As ever, there are too many other similar lists to consider checking them all. And based on those results, I wouldn’t be able to tick much off any of them anyway.

I’ve yet to re-watch any of the films from this list, only the second time that’s happened — and the last was the other year I failed to make 100. Weird coincidence. Not a surprise when one doesn’t see much at the cinema, really — I’ve got more than enough to catch for the first time without re-watching things in under 12 months. That said, a good few of the remaining reviews (especially the lower numbers) will likely require a re-watch before I cover them. Films like Tinker Tailor deserve thought in their review, not a quick dashed-off-from-11-month-old-memories comment or two.

At the end of all five previous years’ summaries I’ve included a list of 50 notable films I’d missed from that year’s releases. With 2012 over, I’ve managed to see (deep breath) one more from 2007 (bringing the total for that 50 to 27), no more from 2008’s list (leaving it at 14), two more from 2009’s (bringing that to 15), and six more from 2010’s (bringing it to 22). Finally, in the year since listing 2011’s 50, I’ve managed to see 16 of them. As that beats all I’ve seen in four years of 2008’s list and three years of 2009’s, it’s not a bad start. Still a lot of viewing to do, mind, and I’ll be adding another 50 from 2012 in my next post.

A total of 85 solo directors and seven directing partnerships appear on the main list. A record low have multiple films on the main list, with just Jack Hively and Irving Reis scoring three (all Saint and Falcon films, respectively) and Scott Stewart claiming a risible pair (Priest and Legion). However, Tim Burton, Joel Schumacher and Christopher Nolan each put in two appearances thanks to my retrospective on the Batman series — which actually makes three for Nolan, as I also saw The Dark Knight Rises. Matching that is Terence Young, director of three of the first four Bond films; and, like Nolan, Fritz Lang features in both the main list and the ‘other’ list, making two for him too. Numbers are rounded out by Guy Hamilton, director of Goldfinger, bringing the overall total of feature directors to 96. (I should also mention Leythum, director of the first two Marvel One-Shot shorts.)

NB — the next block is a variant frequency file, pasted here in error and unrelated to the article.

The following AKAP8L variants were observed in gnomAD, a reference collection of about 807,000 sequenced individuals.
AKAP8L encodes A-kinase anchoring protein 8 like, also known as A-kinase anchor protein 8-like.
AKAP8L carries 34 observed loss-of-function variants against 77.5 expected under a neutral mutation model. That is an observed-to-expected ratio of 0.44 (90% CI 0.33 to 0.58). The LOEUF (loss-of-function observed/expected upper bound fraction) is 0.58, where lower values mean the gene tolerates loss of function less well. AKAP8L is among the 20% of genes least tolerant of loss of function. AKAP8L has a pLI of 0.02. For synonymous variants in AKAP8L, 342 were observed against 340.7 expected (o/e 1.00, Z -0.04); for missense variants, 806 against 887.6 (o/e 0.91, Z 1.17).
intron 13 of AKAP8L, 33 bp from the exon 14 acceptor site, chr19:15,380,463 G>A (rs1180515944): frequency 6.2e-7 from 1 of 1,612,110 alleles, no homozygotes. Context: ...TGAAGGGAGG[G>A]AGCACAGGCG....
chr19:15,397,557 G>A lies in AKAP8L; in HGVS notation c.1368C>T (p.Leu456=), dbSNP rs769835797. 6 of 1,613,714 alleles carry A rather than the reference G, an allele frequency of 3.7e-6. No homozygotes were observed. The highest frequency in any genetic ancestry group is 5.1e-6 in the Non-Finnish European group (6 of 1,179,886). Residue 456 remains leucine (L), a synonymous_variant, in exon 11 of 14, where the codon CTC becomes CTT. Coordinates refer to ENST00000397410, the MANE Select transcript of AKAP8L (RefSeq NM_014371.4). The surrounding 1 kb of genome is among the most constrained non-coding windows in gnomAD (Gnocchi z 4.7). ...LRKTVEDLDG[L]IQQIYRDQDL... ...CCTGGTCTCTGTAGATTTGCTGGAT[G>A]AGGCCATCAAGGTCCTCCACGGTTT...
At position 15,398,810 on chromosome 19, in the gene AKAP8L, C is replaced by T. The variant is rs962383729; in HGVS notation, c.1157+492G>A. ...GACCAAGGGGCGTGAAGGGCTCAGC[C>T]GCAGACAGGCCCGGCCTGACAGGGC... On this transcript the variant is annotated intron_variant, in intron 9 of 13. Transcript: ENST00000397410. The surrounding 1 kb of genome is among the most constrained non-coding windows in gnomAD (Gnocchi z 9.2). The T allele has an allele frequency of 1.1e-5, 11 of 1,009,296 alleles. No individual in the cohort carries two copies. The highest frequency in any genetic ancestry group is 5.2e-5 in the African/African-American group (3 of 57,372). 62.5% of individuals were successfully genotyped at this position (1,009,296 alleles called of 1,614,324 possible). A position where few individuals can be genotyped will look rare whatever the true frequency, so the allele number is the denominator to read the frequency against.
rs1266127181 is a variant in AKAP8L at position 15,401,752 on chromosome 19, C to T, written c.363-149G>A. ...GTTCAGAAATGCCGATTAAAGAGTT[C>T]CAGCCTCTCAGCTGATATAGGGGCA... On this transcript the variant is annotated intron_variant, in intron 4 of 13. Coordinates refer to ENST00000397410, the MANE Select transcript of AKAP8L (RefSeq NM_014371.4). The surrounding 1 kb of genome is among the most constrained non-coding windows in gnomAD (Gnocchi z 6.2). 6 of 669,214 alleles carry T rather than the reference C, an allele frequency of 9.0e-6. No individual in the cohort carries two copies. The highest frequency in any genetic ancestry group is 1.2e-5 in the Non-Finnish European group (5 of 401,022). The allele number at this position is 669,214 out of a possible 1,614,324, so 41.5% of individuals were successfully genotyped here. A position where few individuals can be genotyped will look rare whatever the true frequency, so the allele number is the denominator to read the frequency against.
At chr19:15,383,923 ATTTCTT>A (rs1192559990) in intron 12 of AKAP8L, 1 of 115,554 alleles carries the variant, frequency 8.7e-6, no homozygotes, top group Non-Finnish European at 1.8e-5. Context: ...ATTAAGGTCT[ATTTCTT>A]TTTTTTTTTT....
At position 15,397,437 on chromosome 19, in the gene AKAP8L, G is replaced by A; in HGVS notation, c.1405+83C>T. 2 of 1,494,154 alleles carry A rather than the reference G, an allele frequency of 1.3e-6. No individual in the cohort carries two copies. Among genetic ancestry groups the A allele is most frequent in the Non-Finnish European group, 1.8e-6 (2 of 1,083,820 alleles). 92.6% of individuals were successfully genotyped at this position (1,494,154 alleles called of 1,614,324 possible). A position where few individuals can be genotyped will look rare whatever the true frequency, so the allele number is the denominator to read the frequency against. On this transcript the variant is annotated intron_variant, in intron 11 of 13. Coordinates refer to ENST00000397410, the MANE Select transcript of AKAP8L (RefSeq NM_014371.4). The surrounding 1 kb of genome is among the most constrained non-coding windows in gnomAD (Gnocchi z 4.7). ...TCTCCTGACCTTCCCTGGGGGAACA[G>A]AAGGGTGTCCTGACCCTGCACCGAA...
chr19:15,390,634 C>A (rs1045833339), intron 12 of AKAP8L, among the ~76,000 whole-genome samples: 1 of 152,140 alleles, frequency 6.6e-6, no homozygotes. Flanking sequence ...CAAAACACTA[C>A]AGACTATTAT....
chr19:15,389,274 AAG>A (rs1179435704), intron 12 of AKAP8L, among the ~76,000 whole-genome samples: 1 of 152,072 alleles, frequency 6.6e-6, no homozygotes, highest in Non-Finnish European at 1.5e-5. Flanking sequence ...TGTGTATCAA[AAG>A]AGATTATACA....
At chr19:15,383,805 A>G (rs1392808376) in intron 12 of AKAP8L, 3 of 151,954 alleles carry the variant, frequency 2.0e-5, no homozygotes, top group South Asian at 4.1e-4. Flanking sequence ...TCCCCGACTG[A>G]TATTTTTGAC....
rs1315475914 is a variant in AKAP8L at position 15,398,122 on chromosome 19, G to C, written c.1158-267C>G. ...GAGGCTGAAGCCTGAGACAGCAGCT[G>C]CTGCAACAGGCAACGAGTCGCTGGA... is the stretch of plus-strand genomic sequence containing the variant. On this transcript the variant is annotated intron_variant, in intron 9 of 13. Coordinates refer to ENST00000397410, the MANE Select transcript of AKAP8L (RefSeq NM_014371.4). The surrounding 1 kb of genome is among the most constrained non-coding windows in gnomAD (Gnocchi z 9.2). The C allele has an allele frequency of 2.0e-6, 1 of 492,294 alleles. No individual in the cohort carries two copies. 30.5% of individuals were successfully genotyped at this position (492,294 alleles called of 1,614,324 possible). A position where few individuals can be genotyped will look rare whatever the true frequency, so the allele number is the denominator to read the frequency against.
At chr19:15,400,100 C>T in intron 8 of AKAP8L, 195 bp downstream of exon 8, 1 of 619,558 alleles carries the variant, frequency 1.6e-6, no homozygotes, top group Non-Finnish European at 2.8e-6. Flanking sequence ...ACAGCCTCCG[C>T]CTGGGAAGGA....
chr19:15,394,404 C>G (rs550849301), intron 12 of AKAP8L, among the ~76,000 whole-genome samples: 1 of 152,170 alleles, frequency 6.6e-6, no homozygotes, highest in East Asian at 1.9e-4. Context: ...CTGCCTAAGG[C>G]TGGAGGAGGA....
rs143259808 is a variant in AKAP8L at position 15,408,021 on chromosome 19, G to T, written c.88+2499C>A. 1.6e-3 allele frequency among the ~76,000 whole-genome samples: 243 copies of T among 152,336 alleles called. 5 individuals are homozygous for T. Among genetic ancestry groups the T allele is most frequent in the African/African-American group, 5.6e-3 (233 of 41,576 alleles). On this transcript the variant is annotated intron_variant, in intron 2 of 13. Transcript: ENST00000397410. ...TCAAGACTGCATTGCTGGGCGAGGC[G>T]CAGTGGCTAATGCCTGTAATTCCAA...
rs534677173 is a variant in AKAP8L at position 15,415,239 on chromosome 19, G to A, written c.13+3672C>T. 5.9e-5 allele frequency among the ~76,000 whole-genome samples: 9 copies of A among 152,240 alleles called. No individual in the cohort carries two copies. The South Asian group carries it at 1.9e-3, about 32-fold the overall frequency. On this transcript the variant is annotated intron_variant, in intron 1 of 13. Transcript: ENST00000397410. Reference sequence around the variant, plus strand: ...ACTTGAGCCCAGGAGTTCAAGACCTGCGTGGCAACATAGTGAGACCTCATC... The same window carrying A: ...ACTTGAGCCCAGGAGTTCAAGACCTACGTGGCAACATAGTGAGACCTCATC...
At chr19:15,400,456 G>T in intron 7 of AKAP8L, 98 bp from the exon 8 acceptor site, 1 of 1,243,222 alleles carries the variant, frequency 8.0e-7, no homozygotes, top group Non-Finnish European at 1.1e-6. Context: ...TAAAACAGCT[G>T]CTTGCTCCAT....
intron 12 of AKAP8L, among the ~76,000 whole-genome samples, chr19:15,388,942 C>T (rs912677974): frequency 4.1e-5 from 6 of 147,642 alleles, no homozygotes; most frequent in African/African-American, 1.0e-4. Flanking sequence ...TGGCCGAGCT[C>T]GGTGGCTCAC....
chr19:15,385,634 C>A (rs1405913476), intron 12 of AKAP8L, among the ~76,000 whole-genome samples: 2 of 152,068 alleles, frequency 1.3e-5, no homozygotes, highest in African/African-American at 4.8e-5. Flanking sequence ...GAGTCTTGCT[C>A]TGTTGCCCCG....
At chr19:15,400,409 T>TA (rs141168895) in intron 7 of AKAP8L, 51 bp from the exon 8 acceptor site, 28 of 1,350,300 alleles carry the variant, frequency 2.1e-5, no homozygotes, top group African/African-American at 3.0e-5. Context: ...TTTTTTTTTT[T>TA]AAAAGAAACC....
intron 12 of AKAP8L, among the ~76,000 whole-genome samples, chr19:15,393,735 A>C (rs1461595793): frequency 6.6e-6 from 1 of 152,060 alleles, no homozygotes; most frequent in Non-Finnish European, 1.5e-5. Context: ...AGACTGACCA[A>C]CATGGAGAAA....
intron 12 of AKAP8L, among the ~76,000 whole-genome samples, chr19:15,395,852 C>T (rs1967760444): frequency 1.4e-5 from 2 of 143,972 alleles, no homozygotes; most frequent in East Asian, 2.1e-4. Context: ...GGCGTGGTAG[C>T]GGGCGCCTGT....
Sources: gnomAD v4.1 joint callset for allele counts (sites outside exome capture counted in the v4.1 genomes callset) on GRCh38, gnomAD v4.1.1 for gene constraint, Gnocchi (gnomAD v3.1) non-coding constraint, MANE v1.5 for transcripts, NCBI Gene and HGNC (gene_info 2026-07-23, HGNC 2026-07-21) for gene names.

This year’s star ratings kick off with 14 five-star films — the lowest ever (and five of those weren’t in the main list). Conversely, there were five one-star films — the highest ever. Oh dear. Plus, for the first time ever, the majority of films (41 of them) scored three stars. That’s well above average, and the most ever by nine. Consequently, four-star films were well below average, just 34 of them, the lowest ever by eight. Normally they account for around 50% of my scores, but this year it’s just 32%. The only bit of sanity came from the two-star films, back to their regular ballpark with 14 after last year’s record-low-by-half.

That gives an average score of 3.4 — easily the lowest ever. No surprise, considering the low 5s, high 1s, and uncommonly dominant 3s. The first four years’ average score alternated between 3.6 and 3.7, but they were all actually even closer, ranging just 3.63 to 3.66. Last year saw an extraordinary leap up to 3.83, while this year it sinks to 3.35 — a whole half mark lower. No wonder it’s been awkward compiling my top ten (but more on that next time).

Finally, a record-low 26 of the films (plus three of the shorts and all the other reviews) are currently in my DVD/Blu-ray collection.

Coming next…

Nearly done! Later this weekend I’ll look back over the 97 new films I saw to pick out my worst five and best ten, and remind you of 50 new releases from the past 12 months that I’ve yet to see.

2 thoughts on “2012: The Full List

  1. Pingback: A new era begins… | 100Films.co.uk

  2. Pingback: 2021 Statistics | 100Films.co.uk